The UFC is having difficulty offering the Brazilian any legitimate challenge, and while Evinger represents an earnest effort on the company's part, it comes up well short. She might be able to tough her way through a round or two, but the end will eventually come, and the result will never really be in question.

    Justino, TKO, Rd. 2



    I was actually very tempted to choose Evinger here. She's a legitimate top-five bantamweight in my book, the toughest opponent of Cyborg's career by a country mile and the type to turn things up another notch now that she's in the UFC. Alas, then my head got the better of my heart. Cyborg is still Cyborg and should be the favorite over any opponent.

    Justino, TKO, Rd. 3



    Look at Rondina. "I was actually very tempted to choose Evinger here." LOL, no you weren't. She's going to get stomped. Good on her for stepping up to take the fight—in a way, she has already won just by making it here. Her toughness is her calling card, and that's what earned her this spot. But it's not going to stop the beatdown. Finally, finally, Cyborg is a UFC champion.

    Justino, TKO, Rd. 1

Tyron Woodley vs. Demian Maia

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    Tyron Woodley (left) and Demian Maia
    Tyron Woodley (left) and Demian MaiaKevork Djansezian/Zuffa LLC/Getty Images


    The streak of first-round finishes won't continue in the co-main event. It could. Tyron Woodley has that sort of power, but it's just not likely. Unfortunately for fans, there is a distinct possibility this fight gets very boring. Woodley gets cautious against grapplers. His fight with Jake Shields was terrible in terms of excitement. That could be replicated as he'll avoid Demian Maia's clinch game, and Maia has his own history of trepidation too.

    Any grappling we get will be fun to watch. I just don't think we'll see a lot of it. Woodley's too good of a wrestler to play that game, and as such, he'll use his striking advantage to land a few strikes here and there and win rounds. A five-round, low-output fight is on deck.

    Woodley, unanimous decision



    It warms my heart to see Maia finally getting a second crack at UFC gold. Of course, the matchup isn't exactly an ideal one for him. Woodley holds a massive edge on the feet and is also the better wrestler, even if Maia has found success latching onto and dragging down opponents of all grappling skill levels. Eventually, Maia's relentless pursuit of the takedown will wear on him and leave him vulnerable to Woodley's immense power.

    Woodley, KO, Rd. 3



    I think the general willingness to say that Maia has no chance isn't accurate, because Maia is crafty unlike anyone we've ever seen. Still, I'm not going to pretend that this is anything other than Woodley's fight to lose. 

    Woodley, unanimous decision



    Woodley won't want to take this to the ground because that would be handing his opponent his greatest advantage. Instead, he'll try to wall-and-stall along the fence. But guess what. Maia is a master of the back-take, and this time he'll do it vertically. Maia gets a backpack rear-naked choke and sets the crowd on fire.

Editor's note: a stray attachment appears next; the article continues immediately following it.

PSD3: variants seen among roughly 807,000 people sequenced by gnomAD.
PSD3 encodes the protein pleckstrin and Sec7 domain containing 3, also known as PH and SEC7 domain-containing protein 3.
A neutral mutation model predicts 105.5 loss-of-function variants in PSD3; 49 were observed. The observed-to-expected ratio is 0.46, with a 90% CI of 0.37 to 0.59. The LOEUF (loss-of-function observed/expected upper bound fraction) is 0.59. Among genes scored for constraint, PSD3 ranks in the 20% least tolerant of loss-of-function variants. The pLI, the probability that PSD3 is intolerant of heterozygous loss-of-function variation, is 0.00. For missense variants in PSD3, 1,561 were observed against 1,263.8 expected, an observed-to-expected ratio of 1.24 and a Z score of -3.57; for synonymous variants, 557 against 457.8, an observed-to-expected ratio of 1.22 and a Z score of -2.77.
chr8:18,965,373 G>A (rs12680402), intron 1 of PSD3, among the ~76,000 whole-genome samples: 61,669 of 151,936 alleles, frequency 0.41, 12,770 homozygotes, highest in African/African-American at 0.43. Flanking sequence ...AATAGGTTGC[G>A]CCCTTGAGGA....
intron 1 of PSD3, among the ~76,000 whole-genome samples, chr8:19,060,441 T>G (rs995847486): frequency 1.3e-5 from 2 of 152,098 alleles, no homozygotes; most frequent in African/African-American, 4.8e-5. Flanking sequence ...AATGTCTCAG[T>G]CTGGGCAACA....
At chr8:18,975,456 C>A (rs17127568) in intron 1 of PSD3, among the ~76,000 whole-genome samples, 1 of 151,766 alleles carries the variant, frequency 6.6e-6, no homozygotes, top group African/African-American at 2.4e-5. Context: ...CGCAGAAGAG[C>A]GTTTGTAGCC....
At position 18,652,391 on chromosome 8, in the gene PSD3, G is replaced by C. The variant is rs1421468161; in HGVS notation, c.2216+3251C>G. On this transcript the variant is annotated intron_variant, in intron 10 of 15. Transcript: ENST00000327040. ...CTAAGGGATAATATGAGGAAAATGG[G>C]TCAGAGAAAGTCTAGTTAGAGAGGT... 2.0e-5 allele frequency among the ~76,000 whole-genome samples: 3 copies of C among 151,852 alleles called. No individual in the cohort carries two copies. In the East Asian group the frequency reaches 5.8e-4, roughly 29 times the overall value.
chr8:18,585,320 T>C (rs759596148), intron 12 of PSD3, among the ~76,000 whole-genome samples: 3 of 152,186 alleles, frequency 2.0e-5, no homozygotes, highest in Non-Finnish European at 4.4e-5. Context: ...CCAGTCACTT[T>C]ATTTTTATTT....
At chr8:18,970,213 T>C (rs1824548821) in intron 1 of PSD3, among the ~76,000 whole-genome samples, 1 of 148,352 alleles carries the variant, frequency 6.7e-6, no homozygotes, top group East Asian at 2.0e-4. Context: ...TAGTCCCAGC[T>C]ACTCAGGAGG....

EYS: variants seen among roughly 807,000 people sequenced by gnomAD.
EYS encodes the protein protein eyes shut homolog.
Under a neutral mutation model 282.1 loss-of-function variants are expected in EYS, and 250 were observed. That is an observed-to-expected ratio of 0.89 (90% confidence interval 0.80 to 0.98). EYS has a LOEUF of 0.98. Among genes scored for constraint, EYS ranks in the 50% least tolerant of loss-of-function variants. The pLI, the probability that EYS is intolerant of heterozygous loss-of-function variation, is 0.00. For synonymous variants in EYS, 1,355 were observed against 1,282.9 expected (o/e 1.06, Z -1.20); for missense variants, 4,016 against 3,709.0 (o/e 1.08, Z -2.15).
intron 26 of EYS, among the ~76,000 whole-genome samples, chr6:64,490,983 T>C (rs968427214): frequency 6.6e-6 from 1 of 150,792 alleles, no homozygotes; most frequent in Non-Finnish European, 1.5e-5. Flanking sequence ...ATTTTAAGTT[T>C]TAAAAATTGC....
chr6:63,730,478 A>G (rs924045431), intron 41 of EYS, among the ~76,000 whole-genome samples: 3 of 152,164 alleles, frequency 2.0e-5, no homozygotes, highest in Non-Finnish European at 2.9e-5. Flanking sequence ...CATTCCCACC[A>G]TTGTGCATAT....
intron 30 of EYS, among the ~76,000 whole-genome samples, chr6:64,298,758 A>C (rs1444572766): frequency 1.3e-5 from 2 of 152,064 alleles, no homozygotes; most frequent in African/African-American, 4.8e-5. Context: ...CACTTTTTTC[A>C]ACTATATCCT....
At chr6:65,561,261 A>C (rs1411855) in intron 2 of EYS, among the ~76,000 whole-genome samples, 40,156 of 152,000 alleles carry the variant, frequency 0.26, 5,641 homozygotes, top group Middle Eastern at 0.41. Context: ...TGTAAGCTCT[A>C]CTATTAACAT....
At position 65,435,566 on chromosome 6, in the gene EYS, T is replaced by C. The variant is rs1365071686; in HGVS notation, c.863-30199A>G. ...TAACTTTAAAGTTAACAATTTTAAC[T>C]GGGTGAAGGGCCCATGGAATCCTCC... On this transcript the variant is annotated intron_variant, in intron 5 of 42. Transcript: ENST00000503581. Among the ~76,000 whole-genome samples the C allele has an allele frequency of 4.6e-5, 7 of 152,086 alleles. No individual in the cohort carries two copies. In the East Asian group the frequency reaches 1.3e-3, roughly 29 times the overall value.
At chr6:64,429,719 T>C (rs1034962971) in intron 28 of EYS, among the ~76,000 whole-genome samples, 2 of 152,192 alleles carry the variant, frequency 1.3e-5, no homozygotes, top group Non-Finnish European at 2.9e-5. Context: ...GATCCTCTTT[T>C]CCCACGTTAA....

Maia, submission, Rd. 4

Jon Jones vs. Daniel Cormier

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    Jon Jones
    Jon JonesJeff Bottari/Zuffa LLC/Getty Images


    I love the story of this rivalry, but the actual matchup doesn't have me wavering between the two. It's Jon Jones. All day, every day. 

    Jones won the first encounter with relative ease. Has anything changed that much since then? No. Cormier is older and slower, while Jones is still in his athletic prime. That doesn't bode well for a back-and-forth epic. Expect Jones to dominate more than the first fight and reclaim the title he never lost.

    Jones, TKO, Rd. 2



    Cormier has a chance here. The last time Jones came off a lengthy layoff he was hesitant and cautious. If he spends a couple of rounds settling in against the current champion, he'll have little margin for error. But of course, Jones is perhaps the single greatest talent to ever set foot in the Octagon. This is his fight to lose, and my expectation is that he won't.

    Jones, unanimous decision



    I'm actually a little bit unnerved by Jones' mean streak entering this fight. At his best, Jones dispatched all comers with a casual indifference. Is this newfound grumpiness with Cormier (and MMA Fighting's Luke Thomas) adding some extra heat to his already amazing skill set? Or his trying to find a substitute for something that's gone after three rough years? We'll see, but there's only one right way to pick a Jones fight at the moment.

    Jones, unanimous decision



    Cormier's great strength is the clinch game, but that's not something Jones is afraid of. Expect hellacious knee strikes from Jones if they have extended clinch time. Cormier's real path to victory is probably to take Jones down and hold him on his back. But the next person to do that to Jones will be the first. Jones' reach and gas tank will carry the day.

    Jones, unanimous decision